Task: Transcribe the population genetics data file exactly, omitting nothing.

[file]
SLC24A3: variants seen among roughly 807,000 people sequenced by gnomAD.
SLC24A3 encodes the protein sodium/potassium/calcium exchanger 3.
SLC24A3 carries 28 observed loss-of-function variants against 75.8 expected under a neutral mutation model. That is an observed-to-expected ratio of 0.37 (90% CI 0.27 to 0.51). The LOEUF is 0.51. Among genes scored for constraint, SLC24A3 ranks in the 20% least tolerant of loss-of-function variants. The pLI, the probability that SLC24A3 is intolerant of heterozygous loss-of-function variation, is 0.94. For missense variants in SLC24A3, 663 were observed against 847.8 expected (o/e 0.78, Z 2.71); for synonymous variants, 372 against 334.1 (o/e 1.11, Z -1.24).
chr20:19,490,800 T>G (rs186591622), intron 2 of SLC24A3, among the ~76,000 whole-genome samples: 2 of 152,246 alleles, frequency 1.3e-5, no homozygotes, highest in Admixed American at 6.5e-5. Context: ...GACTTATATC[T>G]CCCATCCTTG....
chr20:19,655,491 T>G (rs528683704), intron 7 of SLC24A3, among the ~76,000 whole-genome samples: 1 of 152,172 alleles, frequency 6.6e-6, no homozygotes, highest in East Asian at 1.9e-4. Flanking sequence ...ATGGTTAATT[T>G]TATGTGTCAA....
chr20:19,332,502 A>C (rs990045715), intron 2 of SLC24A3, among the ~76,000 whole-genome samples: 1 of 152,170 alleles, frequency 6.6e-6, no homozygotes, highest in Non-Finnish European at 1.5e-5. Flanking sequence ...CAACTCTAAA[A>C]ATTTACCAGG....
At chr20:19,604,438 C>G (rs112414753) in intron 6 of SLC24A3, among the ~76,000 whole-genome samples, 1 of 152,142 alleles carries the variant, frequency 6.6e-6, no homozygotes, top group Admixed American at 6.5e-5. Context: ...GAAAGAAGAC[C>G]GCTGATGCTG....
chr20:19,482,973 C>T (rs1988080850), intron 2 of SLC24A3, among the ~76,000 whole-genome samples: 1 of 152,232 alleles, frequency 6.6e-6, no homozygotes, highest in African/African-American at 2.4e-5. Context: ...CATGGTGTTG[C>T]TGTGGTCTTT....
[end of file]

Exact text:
SLC24A3: variants seen among roughly 807,000 people sequenced by gnomAD.
SLC24A3 encodes the protein sodium/potassium/calcium exchanger 3.
SLC24A3 carries 28 observed loss-of-function variants against 75.8 expected under a neutral mutation model. That is an observed-to-expected ratio of 0.37 (90% CI 0.27 to 0.51). The LOEUF is 0.51. Among genes scored for constraint, SLC24A3 ranks in the 20% least tolerant of loss-of-function variants. The pLI, the probability that SLC24A3 is intolerant of heterozygous loss-of-function variation, is 0.94. For missense variants in SLC24A3, 663 were observed against 847.8 expected (o/e 0.78, Z 2.71); for synonymous variants, 372 against 334.1 (o/e 1.11, Z -1.24).
chr20:19,490,800 T>G (rs186591622), intron 2 of SLC24A3, among the ~76,000 whole-genome samples: 2 of 152,246 alleles, frequency 1.3e-5, no homozygotes, highest in Admixed American at 6.5e-5. Context: ...GACTTATATC[T>G]CCCATCCTTG....
chr20:19,655,491 T>G (rs528683704), intron 7 of SLC24A3, among the ~76,000 whole-genome samples: 1 of 152,172 alleles, frequency 6.6e-6, no homozygotes, highest in East Asian at 1.9e-4. Flanking sequence ...ATGGTTAATT[T>G]TATGTGTCAA....
chr20:19,332,502 A>C (rs990045715), intron 2 of SLC24A3, among the ~76,000 whole-genome samples: 1 of 152,170 alleles, frequency 6.6e-6, no homozygotes, highest in Non-Finnish European at 1.5e-5. Flanking sequence ...CAACTCTAAA[A>C]ATTTACCAGG....
At chr20:19,604,438 C>G (rs112414753) in intron 6 of SLC24A3, among the ~76,000 whole-genome samples, 1 of 152,142 alleles carries the variant, frequency 6.6e-6, no homozygotes, top group Admixed American at 6.5e-5. Context: ...GAAAGAAGAC[C>G]GCTGATGCTG....
chr20:19,482,973 C>T (rs1988080850), intron 2 of SLC24A3, among the ~76,000 whole-genome samples: 1 of 152,232 alleles, frequency 6.6e-6, no homozygotes, highest in African/African-American at 2.4e-5. Context: ...CATGGTGTTG[C>T]TGTGGTCTTT....